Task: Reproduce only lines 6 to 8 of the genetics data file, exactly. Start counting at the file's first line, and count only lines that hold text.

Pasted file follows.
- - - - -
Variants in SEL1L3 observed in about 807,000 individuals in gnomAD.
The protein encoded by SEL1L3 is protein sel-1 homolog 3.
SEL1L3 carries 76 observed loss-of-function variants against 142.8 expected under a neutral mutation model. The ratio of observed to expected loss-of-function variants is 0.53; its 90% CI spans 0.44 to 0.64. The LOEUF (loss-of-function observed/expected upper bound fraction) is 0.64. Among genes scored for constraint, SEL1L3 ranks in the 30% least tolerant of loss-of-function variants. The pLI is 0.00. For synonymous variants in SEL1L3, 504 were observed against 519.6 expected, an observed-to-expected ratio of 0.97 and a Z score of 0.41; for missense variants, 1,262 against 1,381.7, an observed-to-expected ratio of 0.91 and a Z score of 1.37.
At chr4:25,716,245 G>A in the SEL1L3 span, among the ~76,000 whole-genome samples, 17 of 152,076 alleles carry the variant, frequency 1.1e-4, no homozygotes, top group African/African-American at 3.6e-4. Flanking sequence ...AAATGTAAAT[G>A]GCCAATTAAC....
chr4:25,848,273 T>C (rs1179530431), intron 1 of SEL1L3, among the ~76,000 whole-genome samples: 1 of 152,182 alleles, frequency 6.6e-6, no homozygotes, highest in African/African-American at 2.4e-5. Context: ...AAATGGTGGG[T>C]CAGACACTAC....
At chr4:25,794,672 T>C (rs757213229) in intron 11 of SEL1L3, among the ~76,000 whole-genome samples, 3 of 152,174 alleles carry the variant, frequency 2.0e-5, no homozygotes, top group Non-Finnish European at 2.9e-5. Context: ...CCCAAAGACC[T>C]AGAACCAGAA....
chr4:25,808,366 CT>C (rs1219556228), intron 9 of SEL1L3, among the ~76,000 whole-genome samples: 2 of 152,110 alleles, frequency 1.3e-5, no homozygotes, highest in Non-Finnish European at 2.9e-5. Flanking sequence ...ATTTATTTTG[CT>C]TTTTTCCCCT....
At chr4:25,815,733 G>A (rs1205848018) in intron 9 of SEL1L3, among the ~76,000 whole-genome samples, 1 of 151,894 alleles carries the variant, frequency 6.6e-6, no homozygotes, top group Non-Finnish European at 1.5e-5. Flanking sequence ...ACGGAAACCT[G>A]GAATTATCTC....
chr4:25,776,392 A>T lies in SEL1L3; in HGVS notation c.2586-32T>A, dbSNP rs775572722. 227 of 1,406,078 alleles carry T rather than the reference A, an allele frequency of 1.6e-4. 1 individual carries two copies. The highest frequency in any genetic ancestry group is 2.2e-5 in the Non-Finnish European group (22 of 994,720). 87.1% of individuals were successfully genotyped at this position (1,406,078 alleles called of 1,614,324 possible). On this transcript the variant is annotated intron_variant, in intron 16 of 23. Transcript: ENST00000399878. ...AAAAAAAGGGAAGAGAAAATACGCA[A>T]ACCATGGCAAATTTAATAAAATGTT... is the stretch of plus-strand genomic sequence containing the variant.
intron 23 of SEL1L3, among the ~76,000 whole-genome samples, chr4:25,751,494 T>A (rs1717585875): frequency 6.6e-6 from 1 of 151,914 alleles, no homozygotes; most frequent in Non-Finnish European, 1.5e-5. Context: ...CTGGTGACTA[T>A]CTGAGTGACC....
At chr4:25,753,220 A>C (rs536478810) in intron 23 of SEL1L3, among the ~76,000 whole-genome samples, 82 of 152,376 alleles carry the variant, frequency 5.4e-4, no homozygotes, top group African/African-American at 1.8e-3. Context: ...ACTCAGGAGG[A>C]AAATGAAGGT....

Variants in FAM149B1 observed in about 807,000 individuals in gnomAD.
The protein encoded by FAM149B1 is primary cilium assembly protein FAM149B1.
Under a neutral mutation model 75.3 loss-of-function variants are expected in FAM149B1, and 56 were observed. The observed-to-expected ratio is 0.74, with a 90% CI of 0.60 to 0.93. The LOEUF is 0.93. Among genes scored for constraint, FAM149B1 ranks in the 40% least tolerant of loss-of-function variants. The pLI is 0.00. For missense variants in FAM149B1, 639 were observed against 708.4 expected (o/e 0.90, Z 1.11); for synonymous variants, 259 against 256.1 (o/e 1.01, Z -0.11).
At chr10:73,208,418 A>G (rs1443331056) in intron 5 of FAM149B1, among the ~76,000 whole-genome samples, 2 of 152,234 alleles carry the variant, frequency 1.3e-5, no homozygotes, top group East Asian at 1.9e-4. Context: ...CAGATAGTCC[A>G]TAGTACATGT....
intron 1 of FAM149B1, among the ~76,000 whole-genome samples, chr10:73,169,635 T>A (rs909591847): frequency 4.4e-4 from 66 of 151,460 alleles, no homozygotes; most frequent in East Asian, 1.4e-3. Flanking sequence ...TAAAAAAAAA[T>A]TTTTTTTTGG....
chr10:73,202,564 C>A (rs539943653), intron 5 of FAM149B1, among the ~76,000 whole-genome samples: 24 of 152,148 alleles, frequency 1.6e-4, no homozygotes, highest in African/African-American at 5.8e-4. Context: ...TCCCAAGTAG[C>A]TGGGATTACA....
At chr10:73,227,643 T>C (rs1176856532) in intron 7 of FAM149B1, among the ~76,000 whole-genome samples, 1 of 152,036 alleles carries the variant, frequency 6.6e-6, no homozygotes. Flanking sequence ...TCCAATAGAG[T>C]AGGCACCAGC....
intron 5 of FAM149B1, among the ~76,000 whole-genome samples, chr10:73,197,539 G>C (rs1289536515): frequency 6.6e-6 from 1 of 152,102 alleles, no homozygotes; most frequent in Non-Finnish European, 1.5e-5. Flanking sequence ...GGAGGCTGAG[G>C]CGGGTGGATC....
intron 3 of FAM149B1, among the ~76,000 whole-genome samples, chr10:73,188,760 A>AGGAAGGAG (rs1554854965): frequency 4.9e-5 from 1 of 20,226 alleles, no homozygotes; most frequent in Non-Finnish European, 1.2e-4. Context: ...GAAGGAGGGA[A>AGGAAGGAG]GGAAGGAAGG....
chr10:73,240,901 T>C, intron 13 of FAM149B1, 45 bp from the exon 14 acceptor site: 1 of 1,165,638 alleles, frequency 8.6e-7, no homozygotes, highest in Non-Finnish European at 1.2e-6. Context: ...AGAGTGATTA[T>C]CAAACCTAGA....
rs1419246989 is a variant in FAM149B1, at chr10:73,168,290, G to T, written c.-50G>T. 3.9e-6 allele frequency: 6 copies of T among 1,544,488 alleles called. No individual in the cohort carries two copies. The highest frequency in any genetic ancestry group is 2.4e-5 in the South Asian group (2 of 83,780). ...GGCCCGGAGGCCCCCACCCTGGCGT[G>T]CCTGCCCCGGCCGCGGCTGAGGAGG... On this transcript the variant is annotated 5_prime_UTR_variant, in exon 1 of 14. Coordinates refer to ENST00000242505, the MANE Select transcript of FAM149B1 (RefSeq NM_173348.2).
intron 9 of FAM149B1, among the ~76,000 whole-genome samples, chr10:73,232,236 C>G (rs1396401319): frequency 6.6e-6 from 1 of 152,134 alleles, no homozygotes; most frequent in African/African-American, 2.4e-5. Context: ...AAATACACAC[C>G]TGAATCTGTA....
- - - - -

At chr4:25,794,672 T>C (rs757213229) in intron 11 of SEL1L3, among the ~76,000 whole-genome samples, 3 of 152,174 alleles carry the variant, frequency 2.0e-5, no homozygotes, top group Non-Finnish European at 2.9e-5. Context: ...CCCAAAGACC[T>C]AGAACCAGAA....
chr4:25,808,366 CT>C (rs1219556228), intron 9 of SEL1L3, among the ~76,000 whole-genome samples: 2 of 152,110 alleles, frequency 1.3e-5, no homozygotes, highest in Non-Finnish European at 2.9e-5. Flanking sequence ...ATTTATTTTG[CT>C]TTTTTCCCCT....
At chr4:25,815,733 G>A (rs1205848018) in intron 9 of SEL1L3, among the ~76,000 whole-genome samples, 1 of 151,894 alleles carries the variant, frequency 6.6e-6, no homozygotes, top group Non-Finnish European at 1.5e-5. Flanking sequence ...ACGGAAACCT[G>A]GAATTATCTC....